Cricket Australia XI 250 (Short 51, Woakes 6-57) and 4 for 364 (Short 134*, Sangha 133) drew with England XI 515 (Stoneman 111, Malan 109, Root 83, Cook 70, Short 4-103)
Jason Sangha has become the youngest Australian to make a first-class century against England and provided a sobering reality check for the tourists just a few days ahead of the first Ashes Test.
As two men with a combined age of 40 - and the combined experience of five first-class matches before this game - added 263 runs for the CA XI's fourth-wicket, we were reminded that, if flat pitches are prepared in the Ashes, England are going to face a desperately tough fight to take 20 wickets. They took just one wicket on the final day of this warm-up match and, having started the day pushing for an innings victory, had to settle for a draw.
Sangha, aged 18 years and 71 days, became not only the youngest first-class centurion in Australia since Ricky Ponting (18 years and 39 days) made one for Tasmania against New South Wales in 1992-93 - a game in which a certain Trevor Bayliss was on the opposition and in which Glenn McGrath and Adam Gilchrist made their first-class debuts - but also became the second youngest man in history to record a first-class century against England. The youngest? A certain Sachin Tendulkar who was 17 and 107 days when he made a Test century against them in 1990.
Matt Short provided increasingly impressive support in an unbeaten innings of 134. It was a maiden first-class century for both men and, in Short's case, followed an innings of 51 in the first innings and four England wickets the previous day. Had the game had a Man of the Match award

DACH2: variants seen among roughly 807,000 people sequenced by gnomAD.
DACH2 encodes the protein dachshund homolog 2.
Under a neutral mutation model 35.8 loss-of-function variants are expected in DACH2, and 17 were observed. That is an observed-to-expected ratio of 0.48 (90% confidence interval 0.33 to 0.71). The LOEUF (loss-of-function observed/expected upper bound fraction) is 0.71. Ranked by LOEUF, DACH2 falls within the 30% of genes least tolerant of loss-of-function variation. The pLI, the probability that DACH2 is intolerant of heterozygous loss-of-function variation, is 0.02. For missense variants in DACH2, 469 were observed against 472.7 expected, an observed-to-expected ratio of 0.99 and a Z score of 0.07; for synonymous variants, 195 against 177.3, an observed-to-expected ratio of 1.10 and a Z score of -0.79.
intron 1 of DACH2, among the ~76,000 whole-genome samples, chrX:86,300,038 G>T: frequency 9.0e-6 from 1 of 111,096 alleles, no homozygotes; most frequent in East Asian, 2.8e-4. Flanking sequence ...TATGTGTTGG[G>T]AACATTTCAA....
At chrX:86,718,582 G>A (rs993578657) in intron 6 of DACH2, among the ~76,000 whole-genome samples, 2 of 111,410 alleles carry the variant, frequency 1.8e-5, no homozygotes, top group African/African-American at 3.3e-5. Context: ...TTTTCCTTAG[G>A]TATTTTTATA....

It is true the pitch was flat. And it is true that the pitch was slow. So slow that, at one stage, Stuart Broad bowled with three men in a ring between short mid-off and short extra cover and another a short mid-on.
But it was the same pitch on which England lost 5 for 38 the previous day to two spinners who, a week ago, had one first-class wicket between them. It's hard to excuse the batsmen and the bowlers.
There are other caveats. For a start, England were keen not to over-bowl Broad or Chris Woakes and, while it would be wrong to suggest they were going through the motions, there were times it appeared they had something in reserve. They bowled fewer than a quarter of the overs in the innings.
Equally, James Anderson was absent. Instead he and Jake Ball bowled in the nets - Ball also spent much of the day on the field as a substitute fielder - while Craig Overton was again pressed into service as an 'enforcer' with two men out for the hook, a short leg and leg gully. His figures suffered as a result and Ball proved again that the old adage about players becoming better in their absence true. He looks to be ahead of Overton in the race for Gabba selection now. The wicket of Moeen Ali, bowled, in middle practice that followed play will have done Ball's prospects no harm.